Grace's Guide

British Industrial History

Grace's Guide is the leading source of historical information on industry and manufacturing in Britain. This web publication contains 130,456 pages of information and 207,583 images on early companies, their products and the people who designed and built them.

Easterbrook, Allcard and Co

From Graces Guide

Jump to: navigation, search
1867.
February 1872.
June 1872.
1890
1891.
1895.
1899.
1899. Anglo-American Shaping Machine.
April 1903.
1918.
May 1930.
September 1950. Presto.
1961. Presto.
Exhibit at Beamish Museum.
Exhibit at Beamish Museum.

of Albert Tool Works, Sheffield.

The company dates back to 1843 when John Easterbrook began working for himself.

Partnership John Easterbrook with William Scatchard and T. Ellis

1851 September. Partnership dissolved. J. Easterbrook, W. Scatchard and T. Ellis, Sheffield, Machinists, as regards T. Ellis.[1] Partnership became Easterbrook and Scatchard

Sometime Robert Francis Drury joins the partnership

1854 Listed as Easterbrook, Scatchard and Drury, toolmakers and machinists at its Albert Works making ratchet braces, hammers, spanners, screw stocks, taps and dies, lathes and all kinds of tools made to order.

1858 January. Partnership dissolved. John Easterbrook, William Scatchard and Robert Francis Drury, Sheffield, machinists.[2]

1858 Became Easterbrook, Allcard and Co when James Hobson Allcard joined

Sometime Arthur Marsden Wild joins the partnership

1869 The business moved to its present location.

1874 Partnership dissolved. '....the Partnership heretofore subsisting, between us the undersigned, John Easterbrook, James Hobson Allcard, and Arthur Marsden Wild, carrying on business as Engineers' Tool Manufacturers, at Sheffield, in the county of York, under the style or firm of Easterbrook and Allcard, was, on the 31st day of December, 1873, so far as relates to the said John Easterbrook, dissolved by mutual consent. And that all debts duo to and owing by the said late partnership will be received and paid by the said James Hobson Allcard and Arthur Marsden Wild, by whom the business has, since the said 31st day of December, 1873, been, and will in future be, carried on on their own account, under the style or firm of Easterbrook, Allcard, and Wild...'[3]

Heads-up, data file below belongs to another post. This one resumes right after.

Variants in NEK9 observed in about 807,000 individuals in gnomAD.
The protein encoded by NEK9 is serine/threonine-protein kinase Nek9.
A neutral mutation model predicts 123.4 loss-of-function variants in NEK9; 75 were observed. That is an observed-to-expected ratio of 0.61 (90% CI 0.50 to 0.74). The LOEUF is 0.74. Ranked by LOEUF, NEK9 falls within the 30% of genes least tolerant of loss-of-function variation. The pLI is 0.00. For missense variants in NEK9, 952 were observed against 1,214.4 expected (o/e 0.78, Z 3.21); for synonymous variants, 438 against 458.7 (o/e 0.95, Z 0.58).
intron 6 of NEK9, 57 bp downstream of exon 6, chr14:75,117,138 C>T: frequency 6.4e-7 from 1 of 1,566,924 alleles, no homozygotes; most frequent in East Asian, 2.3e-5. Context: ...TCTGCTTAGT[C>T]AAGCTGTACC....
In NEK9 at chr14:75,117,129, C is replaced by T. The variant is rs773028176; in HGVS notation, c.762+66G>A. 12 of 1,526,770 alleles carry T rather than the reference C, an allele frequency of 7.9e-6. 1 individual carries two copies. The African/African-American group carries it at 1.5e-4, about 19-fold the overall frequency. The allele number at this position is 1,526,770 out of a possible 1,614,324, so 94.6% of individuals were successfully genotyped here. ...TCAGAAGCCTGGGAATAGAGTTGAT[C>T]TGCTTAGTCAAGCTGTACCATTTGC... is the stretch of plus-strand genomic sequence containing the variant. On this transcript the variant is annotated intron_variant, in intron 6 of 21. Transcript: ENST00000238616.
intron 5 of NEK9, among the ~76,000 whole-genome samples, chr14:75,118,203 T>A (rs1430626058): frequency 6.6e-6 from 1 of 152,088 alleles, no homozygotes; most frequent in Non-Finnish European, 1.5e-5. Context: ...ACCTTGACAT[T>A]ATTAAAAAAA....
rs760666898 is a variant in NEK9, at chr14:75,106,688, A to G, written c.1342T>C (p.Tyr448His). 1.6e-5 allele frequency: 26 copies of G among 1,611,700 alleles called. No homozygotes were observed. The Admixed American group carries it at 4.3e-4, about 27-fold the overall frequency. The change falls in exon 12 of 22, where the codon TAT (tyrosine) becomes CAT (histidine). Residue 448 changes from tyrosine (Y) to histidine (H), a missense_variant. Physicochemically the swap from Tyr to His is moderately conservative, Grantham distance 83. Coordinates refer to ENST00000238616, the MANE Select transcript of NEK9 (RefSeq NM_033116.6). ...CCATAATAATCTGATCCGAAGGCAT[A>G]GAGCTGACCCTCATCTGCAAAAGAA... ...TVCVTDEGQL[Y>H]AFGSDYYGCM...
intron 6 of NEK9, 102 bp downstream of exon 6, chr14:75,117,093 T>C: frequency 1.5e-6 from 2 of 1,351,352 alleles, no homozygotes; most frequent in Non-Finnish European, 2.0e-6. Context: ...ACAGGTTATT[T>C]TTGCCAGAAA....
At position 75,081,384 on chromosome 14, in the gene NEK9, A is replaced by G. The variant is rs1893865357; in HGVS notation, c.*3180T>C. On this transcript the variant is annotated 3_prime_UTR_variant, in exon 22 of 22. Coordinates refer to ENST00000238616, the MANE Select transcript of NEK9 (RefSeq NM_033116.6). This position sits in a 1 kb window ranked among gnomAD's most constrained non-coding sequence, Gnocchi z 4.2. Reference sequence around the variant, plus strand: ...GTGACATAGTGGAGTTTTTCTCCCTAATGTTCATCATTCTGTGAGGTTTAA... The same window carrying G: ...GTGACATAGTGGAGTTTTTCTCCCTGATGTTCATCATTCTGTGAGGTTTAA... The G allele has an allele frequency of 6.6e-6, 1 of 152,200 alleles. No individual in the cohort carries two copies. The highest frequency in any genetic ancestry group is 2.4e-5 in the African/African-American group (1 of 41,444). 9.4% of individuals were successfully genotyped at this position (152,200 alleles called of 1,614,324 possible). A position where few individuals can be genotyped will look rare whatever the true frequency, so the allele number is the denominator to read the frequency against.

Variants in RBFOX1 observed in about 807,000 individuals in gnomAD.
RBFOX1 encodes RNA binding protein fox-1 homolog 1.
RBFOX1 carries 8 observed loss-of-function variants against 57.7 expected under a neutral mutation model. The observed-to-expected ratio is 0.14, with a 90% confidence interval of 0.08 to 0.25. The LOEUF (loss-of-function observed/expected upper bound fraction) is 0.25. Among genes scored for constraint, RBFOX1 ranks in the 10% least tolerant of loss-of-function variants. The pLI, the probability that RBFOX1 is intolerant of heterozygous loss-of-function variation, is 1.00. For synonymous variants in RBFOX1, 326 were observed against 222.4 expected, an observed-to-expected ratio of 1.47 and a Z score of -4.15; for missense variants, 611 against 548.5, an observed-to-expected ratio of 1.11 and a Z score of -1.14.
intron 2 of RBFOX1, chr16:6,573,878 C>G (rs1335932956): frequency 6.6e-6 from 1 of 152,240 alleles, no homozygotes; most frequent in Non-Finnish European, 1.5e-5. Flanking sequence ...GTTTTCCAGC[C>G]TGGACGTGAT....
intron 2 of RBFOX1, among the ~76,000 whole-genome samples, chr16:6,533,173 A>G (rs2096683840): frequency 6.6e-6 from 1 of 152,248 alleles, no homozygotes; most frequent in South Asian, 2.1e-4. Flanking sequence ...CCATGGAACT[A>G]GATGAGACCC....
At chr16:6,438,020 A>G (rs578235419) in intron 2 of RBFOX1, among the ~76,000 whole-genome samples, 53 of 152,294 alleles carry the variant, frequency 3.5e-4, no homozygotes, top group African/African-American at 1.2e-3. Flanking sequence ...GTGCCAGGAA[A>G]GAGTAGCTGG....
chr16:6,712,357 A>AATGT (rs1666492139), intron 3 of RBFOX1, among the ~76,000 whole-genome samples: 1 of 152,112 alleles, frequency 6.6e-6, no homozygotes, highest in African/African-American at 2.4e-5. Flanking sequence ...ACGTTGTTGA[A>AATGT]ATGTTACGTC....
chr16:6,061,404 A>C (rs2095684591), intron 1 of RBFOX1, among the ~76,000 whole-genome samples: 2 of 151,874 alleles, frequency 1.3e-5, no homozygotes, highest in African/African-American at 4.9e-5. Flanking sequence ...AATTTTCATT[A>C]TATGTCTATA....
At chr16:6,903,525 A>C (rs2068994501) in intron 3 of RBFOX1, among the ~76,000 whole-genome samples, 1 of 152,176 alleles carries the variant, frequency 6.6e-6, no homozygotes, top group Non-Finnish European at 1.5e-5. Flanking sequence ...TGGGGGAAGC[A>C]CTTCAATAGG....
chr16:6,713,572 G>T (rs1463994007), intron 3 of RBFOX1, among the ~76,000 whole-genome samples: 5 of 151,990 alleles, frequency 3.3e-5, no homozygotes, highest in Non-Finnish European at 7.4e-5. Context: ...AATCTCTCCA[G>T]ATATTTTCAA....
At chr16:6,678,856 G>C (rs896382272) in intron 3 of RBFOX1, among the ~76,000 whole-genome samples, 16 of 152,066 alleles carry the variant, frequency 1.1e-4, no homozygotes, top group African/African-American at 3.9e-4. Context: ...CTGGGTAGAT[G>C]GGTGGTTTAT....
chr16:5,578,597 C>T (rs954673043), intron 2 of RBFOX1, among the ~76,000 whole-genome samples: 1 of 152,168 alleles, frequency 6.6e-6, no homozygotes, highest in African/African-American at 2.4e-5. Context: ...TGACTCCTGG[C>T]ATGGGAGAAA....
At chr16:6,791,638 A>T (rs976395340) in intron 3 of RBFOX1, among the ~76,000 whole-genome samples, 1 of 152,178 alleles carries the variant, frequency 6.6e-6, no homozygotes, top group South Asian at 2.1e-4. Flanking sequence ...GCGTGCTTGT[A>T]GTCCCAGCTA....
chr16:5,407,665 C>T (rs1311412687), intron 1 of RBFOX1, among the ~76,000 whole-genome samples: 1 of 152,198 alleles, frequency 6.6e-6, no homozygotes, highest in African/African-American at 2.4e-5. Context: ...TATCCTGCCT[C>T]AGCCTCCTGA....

1897 The company was registered on 11 October, to take over the business of manufacturers of hand and machine tools of the firm of the same name. [4]

1900 The firm's 26th catalogue lists around 200 different hand tools being offered for sale in addition to the company's machine tools.

1917 Advert for taps, dies and drills. [5]

As the decade of the 1970s drew to a close all was not well. The economy was in decline and in November 1980 short time working was reintroduced for the first time since 1936.

1982 the company changed its status from that of a public company to being a private company.

1989 James Stanley Allcard died and his family sold its majority shareholding. In a very hostile take-over the McGee family had to withdraw from the battle and the company was acquired by the James Wilkes Group. The old family firm was exposed to a series of changes as assets were disposed of, staff numbers reduced and capital investment frozen.

1993 More change was to follow when James Wilkes was in turn acquired by the conglomerate Suter plc. Suter set out to drive down costs even further, seeking a leaner operation and installing central controls, and investing some £2 million in 1994 on CNC equipment.

1995 Suter plc was in its turn acquired by Ascot Holdings.

Presto Tools ==

See Also

Loading...


Sources of Information

  1. Yorkshire Gazette - Saturday 06 September 1851
  2. Sheffield Independent - Saturday 23 January 1858
  3. [1] The London Gazette Publication date:13 March 1874 Issue:24075 Page:1661
  4. The Stock Exchange Year Book 1908
  5. Mechanical World Year Book 1917. Published by Emmott and Co of Manchester. Advert p203
  • [2] Presto web site